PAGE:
27 Apr 2012 Slick and stylish OB10
Bloggers and tweeters don’t go too far off piste normally but there is nothing quite like sub-standard telco customer support to drive even the most focused to go right off topic and declare their frustration at their mobile phone operator or ISP. Customer support only needs to be a little bit wrong to make a dramatic difference to user experience and we are all so used to expecting best in class service that even a 10 minute wait to be dealt with by a call center can get us really piste off.
It’s not just consumers that need to be kept happy. Business software needs to deliver a great user experience too. OB10 will hold their hands up and admit that their customer support hasn’t been their strong point in the past and that’s why they’ve invested heavily in customer experience. Their newly unveiled portal is a massive improvement both in substance and style.
We’ve written about this before. The difference between adoption and mass adoption is ease of use. It’s the facebook lesson. Before facebook, you needed some basic level of computer literacy to get anything out of a computer but now you don’t even need literacy. It’s what opened the Internet to grannies who can now see photos of their grandchildren on the other side of the world. Techniques like gamification – gold stars for good behavior – are being used by marketers to generate $millions from games like Farmville and now, even serious corporate applications are learning the lessons as they realize that even incremental improvements in user experience can have a disproportionately positive effect.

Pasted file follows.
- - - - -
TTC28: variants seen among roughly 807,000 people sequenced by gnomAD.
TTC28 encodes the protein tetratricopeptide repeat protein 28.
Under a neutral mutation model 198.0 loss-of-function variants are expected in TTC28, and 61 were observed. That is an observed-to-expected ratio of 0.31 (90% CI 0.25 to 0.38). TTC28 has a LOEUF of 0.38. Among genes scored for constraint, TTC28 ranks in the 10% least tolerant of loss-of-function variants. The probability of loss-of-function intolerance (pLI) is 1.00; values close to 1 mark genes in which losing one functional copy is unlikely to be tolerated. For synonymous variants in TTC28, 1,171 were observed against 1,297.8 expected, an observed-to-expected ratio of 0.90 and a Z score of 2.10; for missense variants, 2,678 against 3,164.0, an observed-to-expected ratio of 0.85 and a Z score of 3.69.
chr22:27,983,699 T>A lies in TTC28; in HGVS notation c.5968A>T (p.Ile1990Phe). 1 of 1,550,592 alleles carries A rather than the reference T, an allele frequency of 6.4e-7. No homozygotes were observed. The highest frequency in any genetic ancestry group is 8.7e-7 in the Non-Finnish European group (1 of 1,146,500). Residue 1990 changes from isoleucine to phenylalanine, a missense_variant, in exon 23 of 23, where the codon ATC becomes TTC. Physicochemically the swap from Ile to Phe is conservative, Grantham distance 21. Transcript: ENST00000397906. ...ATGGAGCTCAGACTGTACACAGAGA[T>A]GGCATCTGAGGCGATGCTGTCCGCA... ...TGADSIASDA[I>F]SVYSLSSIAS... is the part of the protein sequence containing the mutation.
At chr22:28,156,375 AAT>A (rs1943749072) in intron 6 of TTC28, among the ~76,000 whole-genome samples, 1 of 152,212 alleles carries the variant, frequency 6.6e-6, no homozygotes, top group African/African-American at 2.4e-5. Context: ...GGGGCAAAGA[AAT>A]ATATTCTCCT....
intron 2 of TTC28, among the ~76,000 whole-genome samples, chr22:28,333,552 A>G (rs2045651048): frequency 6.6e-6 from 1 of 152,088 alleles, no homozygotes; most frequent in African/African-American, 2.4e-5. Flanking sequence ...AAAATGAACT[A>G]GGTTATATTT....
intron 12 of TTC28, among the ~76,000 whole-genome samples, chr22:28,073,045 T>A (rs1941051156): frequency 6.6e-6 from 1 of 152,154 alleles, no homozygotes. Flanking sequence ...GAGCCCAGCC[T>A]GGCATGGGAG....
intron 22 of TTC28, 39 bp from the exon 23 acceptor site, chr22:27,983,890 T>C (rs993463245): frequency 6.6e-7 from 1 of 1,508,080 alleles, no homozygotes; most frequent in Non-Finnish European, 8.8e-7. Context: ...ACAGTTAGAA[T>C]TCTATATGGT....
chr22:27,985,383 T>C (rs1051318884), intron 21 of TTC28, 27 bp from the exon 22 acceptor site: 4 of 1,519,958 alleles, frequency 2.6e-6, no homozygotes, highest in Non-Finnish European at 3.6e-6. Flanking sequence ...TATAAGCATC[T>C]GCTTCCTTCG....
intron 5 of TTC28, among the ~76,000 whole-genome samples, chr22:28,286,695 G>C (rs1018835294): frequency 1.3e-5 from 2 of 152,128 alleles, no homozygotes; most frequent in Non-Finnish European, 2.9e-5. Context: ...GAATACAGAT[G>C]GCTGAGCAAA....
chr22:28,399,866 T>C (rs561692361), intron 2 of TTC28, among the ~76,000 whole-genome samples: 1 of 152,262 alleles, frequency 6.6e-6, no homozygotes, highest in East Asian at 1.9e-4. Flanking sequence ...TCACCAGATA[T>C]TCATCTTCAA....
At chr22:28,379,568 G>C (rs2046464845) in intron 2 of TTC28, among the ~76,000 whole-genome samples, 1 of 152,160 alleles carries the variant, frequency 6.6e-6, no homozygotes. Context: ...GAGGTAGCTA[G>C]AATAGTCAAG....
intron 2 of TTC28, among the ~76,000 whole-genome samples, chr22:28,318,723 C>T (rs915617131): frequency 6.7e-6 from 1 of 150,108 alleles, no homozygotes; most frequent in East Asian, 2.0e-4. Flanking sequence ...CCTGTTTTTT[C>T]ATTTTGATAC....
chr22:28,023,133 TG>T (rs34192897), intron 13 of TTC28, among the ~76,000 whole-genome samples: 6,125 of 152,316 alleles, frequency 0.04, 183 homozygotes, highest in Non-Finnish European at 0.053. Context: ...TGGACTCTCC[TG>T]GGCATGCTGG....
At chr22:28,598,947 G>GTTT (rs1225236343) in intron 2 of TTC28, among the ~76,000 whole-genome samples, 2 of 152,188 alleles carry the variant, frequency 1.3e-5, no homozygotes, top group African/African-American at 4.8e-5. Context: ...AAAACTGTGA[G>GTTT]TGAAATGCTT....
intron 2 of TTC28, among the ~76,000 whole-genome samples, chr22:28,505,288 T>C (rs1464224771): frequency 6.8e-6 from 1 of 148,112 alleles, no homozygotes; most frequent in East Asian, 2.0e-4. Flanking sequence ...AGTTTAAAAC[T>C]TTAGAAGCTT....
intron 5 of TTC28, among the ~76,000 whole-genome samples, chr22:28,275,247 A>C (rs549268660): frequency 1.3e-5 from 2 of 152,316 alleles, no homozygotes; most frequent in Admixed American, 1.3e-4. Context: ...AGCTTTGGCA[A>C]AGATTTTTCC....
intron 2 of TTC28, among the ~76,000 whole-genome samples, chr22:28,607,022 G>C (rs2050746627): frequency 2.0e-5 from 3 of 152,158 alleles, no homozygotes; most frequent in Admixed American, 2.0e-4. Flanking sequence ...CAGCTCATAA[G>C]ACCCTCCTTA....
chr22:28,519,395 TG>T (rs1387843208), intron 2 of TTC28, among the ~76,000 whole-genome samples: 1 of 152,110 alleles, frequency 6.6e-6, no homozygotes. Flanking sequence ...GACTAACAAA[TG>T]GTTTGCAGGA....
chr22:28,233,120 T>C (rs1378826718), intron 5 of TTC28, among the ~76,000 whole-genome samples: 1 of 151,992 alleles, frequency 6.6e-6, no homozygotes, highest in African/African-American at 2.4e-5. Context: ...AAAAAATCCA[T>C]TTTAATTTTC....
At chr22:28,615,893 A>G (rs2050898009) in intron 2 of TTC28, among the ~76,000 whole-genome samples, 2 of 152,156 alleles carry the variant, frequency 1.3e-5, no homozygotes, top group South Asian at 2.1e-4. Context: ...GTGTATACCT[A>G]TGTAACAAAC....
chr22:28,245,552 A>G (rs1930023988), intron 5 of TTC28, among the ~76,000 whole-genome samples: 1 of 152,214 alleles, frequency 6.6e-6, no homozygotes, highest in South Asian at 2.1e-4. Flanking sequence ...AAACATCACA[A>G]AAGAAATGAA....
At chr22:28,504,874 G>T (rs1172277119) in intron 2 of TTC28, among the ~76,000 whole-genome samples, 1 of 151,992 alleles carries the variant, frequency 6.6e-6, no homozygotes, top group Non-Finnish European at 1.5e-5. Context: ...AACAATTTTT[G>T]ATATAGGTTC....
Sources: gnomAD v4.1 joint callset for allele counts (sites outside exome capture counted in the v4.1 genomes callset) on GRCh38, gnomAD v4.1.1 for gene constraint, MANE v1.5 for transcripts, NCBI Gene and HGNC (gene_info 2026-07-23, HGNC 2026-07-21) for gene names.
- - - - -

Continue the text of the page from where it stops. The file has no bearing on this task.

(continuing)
OB10’s portal is slick and modern. It’s functional and attractive. More than anything, I was impressed by some of the cosmetics. Let’s face it, managing invoices all day isn’t the most glamorous job in the world so a user interface that you actually want to use is a big plus.
But there was no gamification. No gold stars for completing my work promptly and correctly. So I ask Stefan Foryszewski who heads up OB10’s product development, if this was in the pipeline.
“No it’s not” responded Stefan in characteristic no-nonsense style. “What you need to remember is that the OB10 network carries $130 billion worth of invoices per year. Invoices between businesses, government, doctors. This is data of the most sensitive kind and it’s important that we don’t trivialize it.”
Stefan hit the nail firmly on the head
The point is that to create a great user experience, technology needs to adapt to human behavior and business requirements rather than expecting people or businesses to adapt to technology. That’s what will drive mass adoption of things like e-invoicing. But that is not to say that we need to dumb down. We still need robust processes and we will continue to need to take established practices seriously.
It’s nice to see that that can be done without compromising aesthetics and usability.